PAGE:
Is Bad News for LiveJournal Bad News for the DMCA Safe Harbors? (Post 3 of 3)

This is the last of three posts on the Ninth Circuit’s decision in Mavrix v. LiveJournal. The first post considered the court’s conclusion that LiveJournal’s moderation and curation of user-submitted posts created a triable issue of fact on the question of the site’s eligibility for the section 512(c) safe harbor for sites that store material “at the direction” of users. The second post examined the court’s analysis of LiveJournal’s potential knowledge of the alleged infringements in light of the fact that Mavrix didn’t send takedown notices for them. This final entry takes a look at what I identified in the first post as issue (4): whether LiveJournal had the right and ability to control the infringements, as evidenced by the required “something more” than the right to remove or block access to user-submitted infringing material.

Issue 4: Did LiveJournal do “something more” that demonstrates its control over its users’ infringements?

To be eligible for safe harbor, a provider can’t receive a direct financial benefit from infringing activity that it has the right and ability to control. This condition appears on its face to incorporate the common law test for vicarious copyright infringement into the safe harbor framework. In Fonovisa v. Cherry Auction, a pre-Internet premises liability case, the Ninth Circuit held that a swap meet operator had the right and ability to control its vendors’ infringements because its contract with vendors gave it the right to patrol the venue for infringing material and to expel vendors caught in the act of selling pirated sound recordings.

Adapting the premises cases to the online environment, and specifically to site operators that claim safe harbor under the DMCA, the Ninth and Second Circuits have both held that disqualification from the safe harbor must entail “something more” in the way of control by an accused site operator than the pre-Internet cases require. This higher standard is necessary when interpreting the control element in the context of the DMCA because the safe harbors are conditioned on providers’ engaging in the very behaviors (i.e., terminating access for infringers and getting rid of infringing material) that would give rise to liability under the physical premises precedents. It would make no sense, the courts have held (see Viacom and Shelter Capital), to disqualify a provider from safe harbor for being able to do—and doing—the very things it has to do to qualify for safe harbor in the first place. To give effect to Congressional intent that the safe harbors provide protection from all types of copyright liability—including vicarious—courts have read section 512(c)(2)’s control element to require “something more” on the provider’s part than the ability to terminate infringers and block access to infringing content.

In Viacom, which the Ninth Circuit cited approvingly in Shelter Capital, the Second Circuit noted that the requirement of “something more” could be satisfied through behaviors amounting to intentional inducement of infringement under the Supreme Court’s decision in MGM v. Grokster. The court went on to say, however, that the “something more” threshold could be met by something less than outright inducement. The focus of the inquiry must be whether the provider has exerted “substantial influence on the activities of its users.”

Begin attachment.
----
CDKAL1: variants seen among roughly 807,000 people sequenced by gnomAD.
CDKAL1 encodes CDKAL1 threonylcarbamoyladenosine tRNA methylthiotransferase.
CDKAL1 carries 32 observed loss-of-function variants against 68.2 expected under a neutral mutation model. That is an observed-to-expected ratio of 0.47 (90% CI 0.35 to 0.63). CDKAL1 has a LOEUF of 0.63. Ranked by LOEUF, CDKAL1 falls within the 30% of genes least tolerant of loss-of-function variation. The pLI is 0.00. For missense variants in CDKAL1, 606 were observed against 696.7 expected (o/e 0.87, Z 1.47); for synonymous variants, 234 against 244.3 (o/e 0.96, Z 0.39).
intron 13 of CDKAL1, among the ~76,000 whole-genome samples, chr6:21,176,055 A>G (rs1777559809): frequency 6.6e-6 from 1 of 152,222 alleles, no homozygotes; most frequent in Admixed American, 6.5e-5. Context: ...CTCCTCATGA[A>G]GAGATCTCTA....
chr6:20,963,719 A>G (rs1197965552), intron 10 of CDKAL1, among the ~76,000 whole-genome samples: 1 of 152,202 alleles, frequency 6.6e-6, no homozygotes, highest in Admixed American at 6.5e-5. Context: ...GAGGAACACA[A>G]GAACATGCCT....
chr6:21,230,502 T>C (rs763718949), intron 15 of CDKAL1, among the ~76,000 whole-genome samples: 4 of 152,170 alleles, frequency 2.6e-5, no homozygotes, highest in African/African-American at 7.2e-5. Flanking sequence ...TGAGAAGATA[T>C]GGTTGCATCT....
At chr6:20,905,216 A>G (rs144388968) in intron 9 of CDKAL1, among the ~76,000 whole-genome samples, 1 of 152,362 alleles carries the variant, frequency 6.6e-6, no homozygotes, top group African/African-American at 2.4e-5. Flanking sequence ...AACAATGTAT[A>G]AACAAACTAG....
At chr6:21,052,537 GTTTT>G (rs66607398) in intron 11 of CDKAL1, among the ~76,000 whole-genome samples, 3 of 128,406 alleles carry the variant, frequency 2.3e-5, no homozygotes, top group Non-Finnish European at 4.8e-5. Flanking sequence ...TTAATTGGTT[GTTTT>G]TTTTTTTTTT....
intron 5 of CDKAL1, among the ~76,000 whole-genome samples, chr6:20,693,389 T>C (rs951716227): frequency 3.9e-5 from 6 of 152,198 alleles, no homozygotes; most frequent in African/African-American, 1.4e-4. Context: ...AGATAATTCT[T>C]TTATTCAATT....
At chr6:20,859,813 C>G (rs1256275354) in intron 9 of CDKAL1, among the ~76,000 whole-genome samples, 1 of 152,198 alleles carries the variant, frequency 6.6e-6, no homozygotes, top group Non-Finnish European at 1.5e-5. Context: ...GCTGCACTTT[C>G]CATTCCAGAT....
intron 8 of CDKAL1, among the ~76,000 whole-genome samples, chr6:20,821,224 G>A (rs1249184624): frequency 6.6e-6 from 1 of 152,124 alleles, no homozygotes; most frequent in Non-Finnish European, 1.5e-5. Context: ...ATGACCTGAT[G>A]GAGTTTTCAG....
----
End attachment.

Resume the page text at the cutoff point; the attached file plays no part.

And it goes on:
The district court in this case held that LiveJournal did not exercise enough control over users and their submissions to satisfy the “something more” standard. The Ninth Circuit disagreed, remanding for reconsideration in light of facts in the record concerning LiveJournal’s “extensive” moderation practices and its fairly elaborate rules governing user submissions. Some of those rules were directed specifically to copyright infringement, including a prohibition on copying from sources that had previously complained to LiveJournal about infringement. LiveJournal also automatically blocked user submissions containing material from a specific site from which it had received a cease and desist letter. The court directed the trial court to consider on remand “LiveJournal’s extensive review process, infringement list, and blocker tool.” In light of cases like Viacom and Shelter Capital and their discussions of what “something more” might look like, I think the Ninth Circuit was right to remand on this issue.

As I wrote in my first post, LiveJournal shouldn’t lose safe harbor in this case because it didn’t post content “at the direction of users.” It plainly did act at users’ direction, because all of the content it posted came from users. Under existing DMCA case law, however, LiveJournal could lose safe harbor because it had too heavy a hand in influencing what its users directed it to do. The question is whether that influence was “substantial.” LiveJournal does seem to have channeled the efforts and interests of its users to a degree that isn’t typical of platforms that have previously qualified for safe harbor. And its lines of authority were not entirely clear with respect to its relationship to its community moderators, as the case’s dispute over agency makes clear. For good or ill from a policy perspective, the safe harbors include a version of the rule from common law that links control over third parties with liability for their bad actions. The more control a provider exercises over the actions of its users and the content of their submissions, the greater the risk of liability. The outcome in this case reinforces that policy.

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